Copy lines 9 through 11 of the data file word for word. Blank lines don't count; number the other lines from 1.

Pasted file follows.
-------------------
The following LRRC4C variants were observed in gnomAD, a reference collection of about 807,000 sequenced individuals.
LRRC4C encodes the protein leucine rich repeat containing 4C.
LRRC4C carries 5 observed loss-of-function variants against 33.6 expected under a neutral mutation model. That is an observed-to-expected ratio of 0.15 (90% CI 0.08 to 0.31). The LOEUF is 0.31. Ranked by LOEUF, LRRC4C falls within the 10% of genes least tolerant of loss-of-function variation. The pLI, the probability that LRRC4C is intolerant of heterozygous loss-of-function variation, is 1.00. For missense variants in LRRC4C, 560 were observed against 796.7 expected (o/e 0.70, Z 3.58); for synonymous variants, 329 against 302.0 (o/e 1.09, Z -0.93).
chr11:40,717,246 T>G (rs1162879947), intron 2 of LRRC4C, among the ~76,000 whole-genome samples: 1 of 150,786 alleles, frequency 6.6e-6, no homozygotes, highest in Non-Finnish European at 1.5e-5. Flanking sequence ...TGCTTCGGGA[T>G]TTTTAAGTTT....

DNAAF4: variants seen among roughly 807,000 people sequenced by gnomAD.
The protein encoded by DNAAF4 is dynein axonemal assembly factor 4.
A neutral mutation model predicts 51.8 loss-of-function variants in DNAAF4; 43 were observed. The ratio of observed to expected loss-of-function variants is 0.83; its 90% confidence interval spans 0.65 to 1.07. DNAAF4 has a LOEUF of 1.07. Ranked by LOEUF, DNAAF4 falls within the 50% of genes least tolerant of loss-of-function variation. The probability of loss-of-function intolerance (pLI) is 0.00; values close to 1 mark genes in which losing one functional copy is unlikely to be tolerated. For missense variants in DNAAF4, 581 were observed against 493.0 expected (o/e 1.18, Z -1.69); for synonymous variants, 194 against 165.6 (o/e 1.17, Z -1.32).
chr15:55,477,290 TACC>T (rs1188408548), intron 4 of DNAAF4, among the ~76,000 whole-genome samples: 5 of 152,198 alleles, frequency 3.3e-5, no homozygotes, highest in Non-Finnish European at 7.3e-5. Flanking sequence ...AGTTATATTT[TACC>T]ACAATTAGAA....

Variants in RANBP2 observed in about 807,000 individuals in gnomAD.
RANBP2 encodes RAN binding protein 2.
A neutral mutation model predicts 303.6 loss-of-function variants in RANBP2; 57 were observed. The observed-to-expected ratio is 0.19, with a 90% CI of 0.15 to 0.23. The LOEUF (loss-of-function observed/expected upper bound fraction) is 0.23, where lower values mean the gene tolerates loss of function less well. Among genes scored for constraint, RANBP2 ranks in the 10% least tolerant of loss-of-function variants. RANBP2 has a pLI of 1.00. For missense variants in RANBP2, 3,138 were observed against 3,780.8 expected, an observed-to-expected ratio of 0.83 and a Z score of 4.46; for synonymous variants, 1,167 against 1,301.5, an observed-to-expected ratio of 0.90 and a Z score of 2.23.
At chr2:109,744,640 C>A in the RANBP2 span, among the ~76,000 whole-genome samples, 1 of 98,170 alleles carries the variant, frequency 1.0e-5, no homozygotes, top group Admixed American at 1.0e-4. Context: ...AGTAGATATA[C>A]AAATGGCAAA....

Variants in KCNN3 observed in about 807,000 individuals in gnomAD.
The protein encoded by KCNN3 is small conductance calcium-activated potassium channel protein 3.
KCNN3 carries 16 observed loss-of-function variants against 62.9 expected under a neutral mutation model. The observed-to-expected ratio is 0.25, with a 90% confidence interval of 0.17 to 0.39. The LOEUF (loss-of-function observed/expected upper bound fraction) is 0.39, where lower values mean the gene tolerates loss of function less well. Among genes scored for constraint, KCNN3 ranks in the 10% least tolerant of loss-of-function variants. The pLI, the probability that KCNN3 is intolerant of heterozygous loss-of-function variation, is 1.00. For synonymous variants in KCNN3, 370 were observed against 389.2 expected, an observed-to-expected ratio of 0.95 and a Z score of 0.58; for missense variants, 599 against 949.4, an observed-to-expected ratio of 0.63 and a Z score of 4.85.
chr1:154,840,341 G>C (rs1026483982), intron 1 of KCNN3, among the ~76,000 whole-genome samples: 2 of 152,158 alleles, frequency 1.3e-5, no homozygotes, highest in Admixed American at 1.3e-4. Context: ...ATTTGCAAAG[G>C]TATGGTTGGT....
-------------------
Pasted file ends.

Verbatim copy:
Variants in RANBP2 observed in about 807,000 individuals in gnomAD.
RANBP2 encodes RAN binding protein 2.
A neutral mutation model predicts 303.6 loss-of-function variants in RANBP2; 57 were observed. The observed-to-expected ratio is 0.19, with a 90% CI of 0.15 to 0.23. The LOEUF (loss-of-function observed/expected upper bound fraction) is 0.23, where lower values mean the gene tolerates loss of function less well. Among genes scored for constraint, RANBP2 ranks in the 10% least tolerant of loss-of-function variants. RANBP2 has a pLI of 1.00. For missense variants in RANBP2, 3,138 were observed against 3,780.8 expected, an observed-to-expected ratio of 0.83 and a Z score of 4.46; for synonymous variants, 1,167 against 1,301.5, an observed-to-expected ratio of 0.90 and a Z score of 2.23.